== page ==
- Competitive ISO Performance.
- 5fps Continuous Shooting Speed.
- Articulated LCD screen.
- 39 AF points.
- Consistent White Balance across various conditions.
- Slow AF in Live-View Mode.
- No touchscreen feature.
- Lacks weather protection.
- Absence of built-in Wi-Fi.
Nikon D5200 is the successor to the by-now famous entry-level DSLR - Nikon D5100 . Inheriting the Expeed Image3 Processor from the Nikon D3200 and the 39 point auto-focus system from the D7000 , the 5200 is snucked in tightly between the entry level D3200 and the more enthusiast-oriented D7100. Some of the features from its predecessor has been retained, but the D5200 comes along with updated features like 24.1MP CMOS sensor, updated auto-focus system, newly designed sensor offering detailed imagery and dynamic range capabilities.
For someone who has used the Nikon D5100 , the D5200 will seem pretty much similar in build and design. It retains it’s predecessor build except for the fact that there are a few changes that have been added. There is a new release mode button, which has been added to the right side of the top panel. Along with this new addition, the directional controller on the rear end has also been changed giving the look of 8 cardinal points rather than 8. Nestled between the popup flash strobe and the hot shoe are two new stereo microphones. Like the D5100, the D5200 has retained the swivel and tilt screen option letting the users to compose overhead images or portraits.
Continuous Shooting : Nikon D5200 offers 2 burst modes – Continuous High and Continuous Low. At the former mode, the D5200 shoots at 3fps,and 5fps at the latter mode, which is an improvement from the D5100 which shot at 4fps. At RAW format, the fps drops down to 3fps after a certain number of shots. Also it should be mentioned that in LiveView mode, after the shutter is pressed, the rear LCD screen goes blank for a few seconds while the image is written in the memory card. Live view users might find this a bit irritating if they are constantly shooting images.
The D5200 employs an advanced version of the 11-point TTL phase detection system of its predecessor. It currently uses the NIKON Multi-CAM 4800Dx autofocus sensor module with 39focus points, 9 of which are cross-type.
Just like most Nikon models, it consists of three main AF modes – AF-S, AF-C and AF-A. Nikon D5200 has a fairly quick auto-focus as compared to the D5100. One point that needs to be mentioned here is that users might not get the same focussing performance when working with the kit lens that comes along with it. In this regard, it’s advisable to get a fast prime lens instead and enjoy the auto-focus capabilities of the D5200. Also, there seems to be a noticeable shutter lag while clicking in auto-focus, but this is pretty much prevalent in a DSLR of the same range.
Like its predecessor, D5200 is dependent on contrast-detect AF in live view mode. And this is where, it lags compared to the phase detect viewfinder shooting. Bottomline, the auto-focus performance can be credited as being good compared to other Nikon models Wi-Fi : Nikon D5200 is compatible with the wireless mobile adapter from Nikon – Nikon WU-1a. And its wireless remote controller – WR-R10/WR-T10. It basically provides a Wi-Fi link between the camera and your smartphone. However, it needs to be mentioned that there are a few shortcomings with the Wi-Fi feature. One of them being, that the camera won’t function while using the app. Also, you can’t use the 10second self-timer or the continuous shooting modes.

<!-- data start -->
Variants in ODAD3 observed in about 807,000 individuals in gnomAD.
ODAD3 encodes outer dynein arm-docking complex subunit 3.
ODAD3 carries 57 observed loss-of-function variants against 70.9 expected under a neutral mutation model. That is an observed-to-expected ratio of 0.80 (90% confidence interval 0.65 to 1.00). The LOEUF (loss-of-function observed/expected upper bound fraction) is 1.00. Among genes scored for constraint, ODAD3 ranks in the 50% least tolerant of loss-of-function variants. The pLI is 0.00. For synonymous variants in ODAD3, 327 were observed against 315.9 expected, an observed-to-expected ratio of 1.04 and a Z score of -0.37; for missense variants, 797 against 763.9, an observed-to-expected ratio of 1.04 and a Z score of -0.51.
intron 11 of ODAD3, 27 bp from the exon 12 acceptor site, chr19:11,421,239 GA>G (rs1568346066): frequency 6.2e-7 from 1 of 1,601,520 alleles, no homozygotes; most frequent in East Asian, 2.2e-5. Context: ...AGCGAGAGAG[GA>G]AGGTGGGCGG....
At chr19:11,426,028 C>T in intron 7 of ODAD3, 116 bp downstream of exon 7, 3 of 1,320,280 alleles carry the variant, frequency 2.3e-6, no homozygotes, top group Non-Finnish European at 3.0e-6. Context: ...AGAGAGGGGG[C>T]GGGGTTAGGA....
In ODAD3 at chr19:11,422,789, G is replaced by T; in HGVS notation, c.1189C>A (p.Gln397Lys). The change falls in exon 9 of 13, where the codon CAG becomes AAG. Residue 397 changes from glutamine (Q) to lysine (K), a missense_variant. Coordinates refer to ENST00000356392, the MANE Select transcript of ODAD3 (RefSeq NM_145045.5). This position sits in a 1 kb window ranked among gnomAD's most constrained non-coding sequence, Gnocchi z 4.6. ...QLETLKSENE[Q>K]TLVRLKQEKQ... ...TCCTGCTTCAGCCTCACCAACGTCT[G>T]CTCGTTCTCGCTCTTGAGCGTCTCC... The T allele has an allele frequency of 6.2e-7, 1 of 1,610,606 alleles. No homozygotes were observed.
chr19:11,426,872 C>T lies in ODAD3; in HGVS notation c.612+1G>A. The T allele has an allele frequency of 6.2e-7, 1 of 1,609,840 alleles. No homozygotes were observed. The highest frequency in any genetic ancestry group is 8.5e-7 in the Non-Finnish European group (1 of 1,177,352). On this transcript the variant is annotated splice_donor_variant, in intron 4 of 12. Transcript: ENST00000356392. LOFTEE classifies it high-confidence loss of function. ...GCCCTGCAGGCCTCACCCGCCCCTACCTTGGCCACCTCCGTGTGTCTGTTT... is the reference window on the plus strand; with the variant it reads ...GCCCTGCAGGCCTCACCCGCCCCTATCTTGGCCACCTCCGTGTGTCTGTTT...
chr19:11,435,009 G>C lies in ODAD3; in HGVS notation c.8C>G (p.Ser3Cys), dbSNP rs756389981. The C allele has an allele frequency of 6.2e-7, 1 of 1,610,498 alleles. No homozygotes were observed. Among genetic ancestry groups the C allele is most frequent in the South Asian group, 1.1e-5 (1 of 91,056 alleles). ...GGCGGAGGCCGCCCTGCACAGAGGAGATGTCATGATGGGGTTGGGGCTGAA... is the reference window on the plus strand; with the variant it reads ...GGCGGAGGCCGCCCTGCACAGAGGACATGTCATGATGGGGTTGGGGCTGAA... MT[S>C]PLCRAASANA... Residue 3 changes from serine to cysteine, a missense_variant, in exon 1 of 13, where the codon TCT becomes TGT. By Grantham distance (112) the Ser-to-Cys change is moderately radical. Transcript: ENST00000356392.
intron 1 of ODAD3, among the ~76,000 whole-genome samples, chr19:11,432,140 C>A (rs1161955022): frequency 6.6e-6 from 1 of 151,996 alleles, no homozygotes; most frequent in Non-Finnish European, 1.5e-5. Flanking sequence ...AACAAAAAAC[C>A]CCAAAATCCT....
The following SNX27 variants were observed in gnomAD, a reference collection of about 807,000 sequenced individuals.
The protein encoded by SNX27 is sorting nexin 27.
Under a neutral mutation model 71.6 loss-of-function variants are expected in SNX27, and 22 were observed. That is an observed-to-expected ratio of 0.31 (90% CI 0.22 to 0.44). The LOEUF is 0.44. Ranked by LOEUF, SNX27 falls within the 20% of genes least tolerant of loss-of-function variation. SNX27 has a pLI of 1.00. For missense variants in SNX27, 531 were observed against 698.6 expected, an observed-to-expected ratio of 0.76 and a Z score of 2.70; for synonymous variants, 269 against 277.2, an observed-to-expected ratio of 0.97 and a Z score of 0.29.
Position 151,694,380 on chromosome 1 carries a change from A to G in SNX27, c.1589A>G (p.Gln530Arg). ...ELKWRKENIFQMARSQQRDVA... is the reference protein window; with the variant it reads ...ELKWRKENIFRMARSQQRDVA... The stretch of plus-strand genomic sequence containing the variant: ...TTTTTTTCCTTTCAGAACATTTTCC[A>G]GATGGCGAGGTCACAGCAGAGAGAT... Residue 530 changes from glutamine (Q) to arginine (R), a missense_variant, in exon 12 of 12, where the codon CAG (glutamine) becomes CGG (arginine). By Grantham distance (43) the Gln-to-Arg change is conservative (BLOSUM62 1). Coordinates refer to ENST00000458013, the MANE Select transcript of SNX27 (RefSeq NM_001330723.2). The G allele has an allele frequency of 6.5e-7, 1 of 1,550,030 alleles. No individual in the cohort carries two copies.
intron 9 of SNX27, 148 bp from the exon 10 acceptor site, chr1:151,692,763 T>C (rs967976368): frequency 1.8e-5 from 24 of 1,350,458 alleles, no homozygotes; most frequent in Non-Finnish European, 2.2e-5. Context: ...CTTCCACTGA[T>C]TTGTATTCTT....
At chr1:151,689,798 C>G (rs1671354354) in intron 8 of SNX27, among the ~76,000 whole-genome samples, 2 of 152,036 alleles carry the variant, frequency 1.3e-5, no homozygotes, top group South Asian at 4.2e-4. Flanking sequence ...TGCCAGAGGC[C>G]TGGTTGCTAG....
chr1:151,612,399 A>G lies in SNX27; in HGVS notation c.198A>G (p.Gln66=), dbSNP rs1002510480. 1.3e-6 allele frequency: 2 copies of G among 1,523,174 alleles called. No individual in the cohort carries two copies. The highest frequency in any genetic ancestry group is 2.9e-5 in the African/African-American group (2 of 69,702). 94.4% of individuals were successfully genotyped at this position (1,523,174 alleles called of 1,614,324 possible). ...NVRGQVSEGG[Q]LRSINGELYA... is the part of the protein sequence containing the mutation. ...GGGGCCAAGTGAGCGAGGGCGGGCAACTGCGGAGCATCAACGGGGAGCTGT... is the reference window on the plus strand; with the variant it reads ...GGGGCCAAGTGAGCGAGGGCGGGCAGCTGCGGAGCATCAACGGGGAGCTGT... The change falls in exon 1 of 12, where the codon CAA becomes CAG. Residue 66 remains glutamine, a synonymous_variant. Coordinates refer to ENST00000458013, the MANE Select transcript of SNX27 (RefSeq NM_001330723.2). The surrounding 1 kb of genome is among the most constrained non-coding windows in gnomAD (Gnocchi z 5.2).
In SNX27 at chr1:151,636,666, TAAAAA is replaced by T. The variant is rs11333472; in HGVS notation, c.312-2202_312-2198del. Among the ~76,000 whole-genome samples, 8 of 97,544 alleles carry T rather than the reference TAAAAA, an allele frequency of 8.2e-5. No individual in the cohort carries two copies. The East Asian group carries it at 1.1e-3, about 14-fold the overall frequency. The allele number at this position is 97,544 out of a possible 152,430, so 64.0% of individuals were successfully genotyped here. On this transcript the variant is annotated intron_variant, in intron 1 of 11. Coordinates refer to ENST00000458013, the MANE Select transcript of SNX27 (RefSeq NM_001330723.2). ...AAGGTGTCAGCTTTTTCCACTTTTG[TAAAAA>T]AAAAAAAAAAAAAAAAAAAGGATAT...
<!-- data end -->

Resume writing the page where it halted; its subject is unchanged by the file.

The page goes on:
Battery : Nikon D5200 uses one Lithium-Ion EN EL-14 rechargeable battery as its power source.
Sensor Performance and Image Quality:
Nikon D5200 sports a 24.1 MP CMOS Sensor which produces images with maximum pixel dimensions of 6000x4000. The noteworthy point here is that the new chip is a Toshiba model, something which is a rarity with Nikon since they always come up with in-house models. It is also based around a newly designed APS-C sized image sensor.
In terms of image quality, Nikon D5200 does not shy away from delivering fine and detailed images. Some users might find it a bit soft for their taste but at the end of the day it’s all about individual preference. D5200 allows users the option of 6 color palette choices under picture control. They are Standard, Neutral, Vivid, Monochrome, Portrait, Landscape. Most users prefer to use Neutral instead as some of them have found Standard to be a bit saturated, but it’s negligible.
The Nikon D5200’s image quality is highly commendable when it concerns clicking pictures in RAW format. White Balance remains constant across most of the situations presented. Out of the metering systems present in Nikon DSLR’s, the RGB matrix metering is able to make a much more profound impact over here. Coupled with Active D-Lighting, it is able to make a much more strong impact when high contrast situations are concerned. At ISO 100 and 200, there’s not much difference in image detail and noise. Infact, noise is not fairly presentable till ISO 3200. Upto this range, Nikon D5200 manages to control the noise level exceptionally well. At ISO 6400, noise level starts to become more profound and there’s an increase in graininess and there’s a noticeable difference in color fidelity. It is recommended to keep the ISO level under 3200 unless the user wants to keep such prints for Internet usage.
Nikon D5200 offers very sturdy performances when compared with its predecessor. The new CMOS sensor along with its Expeed3 Processor ( the same sensor used in Nikon D7100 )bring in a lot of changes to the imaging experience for the user. Also, it’s ISO range and improved burst speed deliver impressive performance. However, what disappointed us was the lack of controls like touchscreen ability (like the Canon EOS T5i), aperture control with Live View and inability to record videos at 60i output.